Writing isn’t brain surgery, but it’s rare when someone adept at the latter is also so accomplished at the former. Searching for meaning and purpose in his life, Kalanithi pursued a doctorate in literature and had felt certain that he wouldn’t enter the field of medicine, in which his father and other members of his family excelled. “But I couldn’t let go of the question,” he writes, after realizing that his goals “didn’t quite fit in an English department.” “Where did biology, morality, literature and philosophy intersect?” So he decided to set aside his doctoral dissertation and belatedly prepare for medical school, which “would allow me a chance to find answers that are not in books, to find a different sort of sublime, to forge relationships with the suffering, and to keep following the question of what makes human life meaningful, even in the face of death and decay.” The author’s empathy undoubtedly made him an exceptional doctor, and the precision of his prose—as well as the moral purpose underscoring it—suggests that he could have written a good book on any subject he chose. Part of what makes this book so essential is the fact that it was written under a death sentence following the diagnosis that upended his life, just as he was preparing to end his residency and attract offers at the top of his profession. Kalanithi learned he might have 10 years to live or perhaps five. Should he return to neurosurgery (he could and did), or should he write (he also did)? Should he and his wife have a baby? They did, eight months before he died, which was less than two years after the original diagnosis. “The fact of death is unsettling,” he understates. “Yet there is no other way to live.”

A moving meditation on mortality by a gifted writer whose dual perspectives of physician and patient provide a singular clarity.

Pub Date: Jan. 19, 2016

ISBN: 978-0-8129-8840-6

Page Count: 248

Publisher: Random House

Review Posted Online: Sept. 29, 2015

Kirkus Reviews Issue: Oct. 15, 2015

GOOD ECONOMICS FOR HARD TIMES

Occasionally wonky but overall a good case for how the dismal science can make the world less—well, dismal.

“Quality of life means more than just consumption”: Two MIT economists urge that a smarter, more politically aware economics be brought to bear on social issues.

It’s no secret, write Banerjee and Duflo (co-authors: Poor Economics: A Radical Rethinking of the Way To Fight Global Poverty, 2011), that “we seem to have fallen on hard times.” Immigration, trade, inequality, and taxation problems present themselves daily, and they seem to be intractable. Economics can be put to use in figuring out these big-issue questions. Data can be adduced, for example, to answer the question of whether immigration tends to suppress wages. The answer: “There is no evidence low-skilled migration to rich countries drives wage and employment down for the natives.” In fact, it opens up opportunities for those natives by freeing them to look for better work. The problem becomes thornier when it comes to the matter of free trade; as the authors observe, “left-behind people live in left-behind places,” which explains why regional poverty descended on Appalachia when so many manufacturing jobs left for China in the age of globalism, leaving behind not just left-behind people but also people ripe for exploitation by nationalist politicians. The authors add, interestingly, that the same thing occurred in parts of Germany, Spain, and Norway that fell victim to the “China shock.” In what they call a “slightly technical aside,” they build a case for addressing trade issues not with trade wars but with consumption taxes: “It makes no sense to ask agricultural workers to lose their jobs just so steelworkers can keep theirs, which is what tariffs accomplish.” Policymakers might want to consider such counsel, especially when it is coupled with the observation that free trade benefits workers in poor countries but punishes workers in rich ones.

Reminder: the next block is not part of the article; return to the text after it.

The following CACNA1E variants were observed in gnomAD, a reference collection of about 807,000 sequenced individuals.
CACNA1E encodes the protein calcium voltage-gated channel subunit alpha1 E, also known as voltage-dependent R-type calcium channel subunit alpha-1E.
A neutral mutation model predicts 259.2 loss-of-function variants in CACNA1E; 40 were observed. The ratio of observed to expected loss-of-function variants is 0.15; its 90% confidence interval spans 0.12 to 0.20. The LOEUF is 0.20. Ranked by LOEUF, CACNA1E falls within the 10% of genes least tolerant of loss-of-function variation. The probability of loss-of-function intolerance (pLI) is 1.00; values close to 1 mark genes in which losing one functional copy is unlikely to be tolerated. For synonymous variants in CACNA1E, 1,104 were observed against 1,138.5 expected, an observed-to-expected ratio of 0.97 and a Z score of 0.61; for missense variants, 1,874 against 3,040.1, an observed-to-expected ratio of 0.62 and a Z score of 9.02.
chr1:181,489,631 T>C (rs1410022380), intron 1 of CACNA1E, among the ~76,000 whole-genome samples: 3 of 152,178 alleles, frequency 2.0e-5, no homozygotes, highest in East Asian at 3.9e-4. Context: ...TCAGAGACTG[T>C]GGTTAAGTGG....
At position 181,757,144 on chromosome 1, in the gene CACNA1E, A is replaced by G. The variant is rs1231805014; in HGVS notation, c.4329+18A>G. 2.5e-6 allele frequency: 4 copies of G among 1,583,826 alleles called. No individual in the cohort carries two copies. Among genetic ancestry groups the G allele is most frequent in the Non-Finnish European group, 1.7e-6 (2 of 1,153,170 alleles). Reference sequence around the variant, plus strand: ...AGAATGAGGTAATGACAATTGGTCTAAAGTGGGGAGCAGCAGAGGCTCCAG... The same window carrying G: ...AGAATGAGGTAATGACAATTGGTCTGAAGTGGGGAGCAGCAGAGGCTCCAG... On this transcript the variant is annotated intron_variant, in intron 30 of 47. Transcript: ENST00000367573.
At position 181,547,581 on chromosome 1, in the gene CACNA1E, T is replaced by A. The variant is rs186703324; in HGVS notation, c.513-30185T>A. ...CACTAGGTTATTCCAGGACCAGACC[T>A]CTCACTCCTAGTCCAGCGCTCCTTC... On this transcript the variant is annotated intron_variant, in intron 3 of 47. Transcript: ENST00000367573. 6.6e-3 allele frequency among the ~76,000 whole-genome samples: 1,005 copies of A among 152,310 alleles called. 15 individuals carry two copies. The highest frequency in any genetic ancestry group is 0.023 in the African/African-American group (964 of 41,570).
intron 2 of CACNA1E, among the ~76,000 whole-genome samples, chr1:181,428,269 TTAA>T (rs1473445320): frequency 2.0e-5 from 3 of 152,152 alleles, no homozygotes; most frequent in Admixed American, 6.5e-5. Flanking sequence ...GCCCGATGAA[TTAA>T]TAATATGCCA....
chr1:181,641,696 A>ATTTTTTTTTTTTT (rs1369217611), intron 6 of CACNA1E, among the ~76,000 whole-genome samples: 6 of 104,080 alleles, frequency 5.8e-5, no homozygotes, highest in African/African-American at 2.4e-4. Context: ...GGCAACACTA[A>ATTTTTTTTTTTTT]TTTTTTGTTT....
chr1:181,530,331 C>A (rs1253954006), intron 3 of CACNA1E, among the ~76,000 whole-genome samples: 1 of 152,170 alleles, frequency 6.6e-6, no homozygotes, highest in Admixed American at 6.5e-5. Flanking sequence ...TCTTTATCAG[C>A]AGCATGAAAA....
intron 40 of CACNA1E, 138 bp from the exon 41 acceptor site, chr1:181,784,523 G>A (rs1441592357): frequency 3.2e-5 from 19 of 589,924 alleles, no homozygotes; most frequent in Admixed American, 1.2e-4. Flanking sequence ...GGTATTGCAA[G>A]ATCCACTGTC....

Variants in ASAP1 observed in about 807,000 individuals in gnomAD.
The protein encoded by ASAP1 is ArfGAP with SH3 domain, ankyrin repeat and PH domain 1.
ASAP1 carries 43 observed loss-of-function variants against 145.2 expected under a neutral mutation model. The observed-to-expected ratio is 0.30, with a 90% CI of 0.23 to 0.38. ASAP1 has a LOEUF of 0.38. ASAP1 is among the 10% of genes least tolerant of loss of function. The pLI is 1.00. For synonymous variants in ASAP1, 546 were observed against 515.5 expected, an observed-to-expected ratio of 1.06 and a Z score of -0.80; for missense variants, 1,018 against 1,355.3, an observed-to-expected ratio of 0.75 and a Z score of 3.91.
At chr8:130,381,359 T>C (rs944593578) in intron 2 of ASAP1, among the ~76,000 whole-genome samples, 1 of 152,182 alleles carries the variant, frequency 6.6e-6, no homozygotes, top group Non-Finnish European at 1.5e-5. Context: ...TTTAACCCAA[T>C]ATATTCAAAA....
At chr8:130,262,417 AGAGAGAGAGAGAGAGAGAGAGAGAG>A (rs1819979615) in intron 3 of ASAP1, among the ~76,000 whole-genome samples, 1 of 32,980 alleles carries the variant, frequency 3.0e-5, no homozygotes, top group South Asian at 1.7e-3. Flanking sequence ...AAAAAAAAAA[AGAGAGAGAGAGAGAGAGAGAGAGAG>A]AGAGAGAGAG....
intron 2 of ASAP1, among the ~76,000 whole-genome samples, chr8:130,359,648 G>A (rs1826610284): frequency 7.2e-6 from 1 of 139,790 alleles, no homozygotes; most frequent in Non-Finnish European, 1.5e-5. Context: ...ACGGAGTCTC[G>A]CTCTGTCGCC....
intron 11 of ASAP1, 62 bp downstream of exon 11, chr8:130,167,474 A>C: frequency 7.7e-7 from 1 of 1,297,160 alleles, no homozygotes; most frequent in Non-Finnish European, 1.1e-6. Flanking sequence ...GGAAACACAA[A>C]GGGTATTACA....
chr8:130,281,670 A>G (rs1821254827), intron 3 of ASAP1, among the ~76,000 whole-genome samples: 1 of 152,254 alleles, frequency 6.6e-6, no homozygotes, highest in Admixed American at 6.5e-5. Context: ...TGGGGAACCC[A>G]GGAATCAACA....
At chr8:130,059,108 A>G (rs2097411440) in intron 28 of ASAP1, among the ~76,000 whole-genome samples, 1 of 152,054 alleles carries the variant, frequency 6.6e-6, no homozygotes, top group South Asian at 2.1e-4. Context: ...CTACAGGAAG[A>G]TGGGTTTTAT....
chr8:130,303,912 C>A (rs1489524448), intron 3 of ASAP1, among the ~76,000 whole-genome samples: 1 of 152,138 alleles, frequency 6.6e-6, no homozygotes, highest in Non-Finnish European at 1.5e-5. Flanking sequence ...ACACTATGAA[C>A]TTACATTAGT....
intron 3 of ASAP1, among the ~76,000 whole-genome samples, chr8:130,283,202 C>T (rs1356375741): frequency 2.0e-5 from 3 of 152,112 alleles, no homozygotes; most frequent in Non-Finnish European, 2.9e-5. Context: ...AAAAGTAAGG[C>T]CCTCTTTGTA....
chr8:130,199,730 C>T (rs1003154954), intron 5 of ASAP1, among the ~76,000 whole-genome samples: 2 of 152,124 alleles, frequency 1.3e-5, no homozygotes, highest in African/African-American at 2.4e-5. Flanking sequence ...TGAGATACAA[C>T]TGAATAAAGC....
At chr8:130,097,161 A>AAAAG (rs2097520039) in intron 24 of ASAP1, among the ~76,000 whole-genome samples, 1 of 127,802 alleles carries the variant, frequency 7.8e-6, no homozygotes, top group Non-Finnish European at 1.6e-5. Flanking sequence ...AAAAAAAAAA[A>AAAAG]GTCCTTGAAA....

Occasionally wonky but overall a good case for how the dismal science can make the world less—well, dismal.

Pub Date: Nov. 12, 2019

ISBN: 978-1-61039-950-0

Page Count: 432

Publisher: PublicAffairs

Review Posted Online: Aug. 28, 2019

Kirkus Reviews Issue: Sept. 15, 2019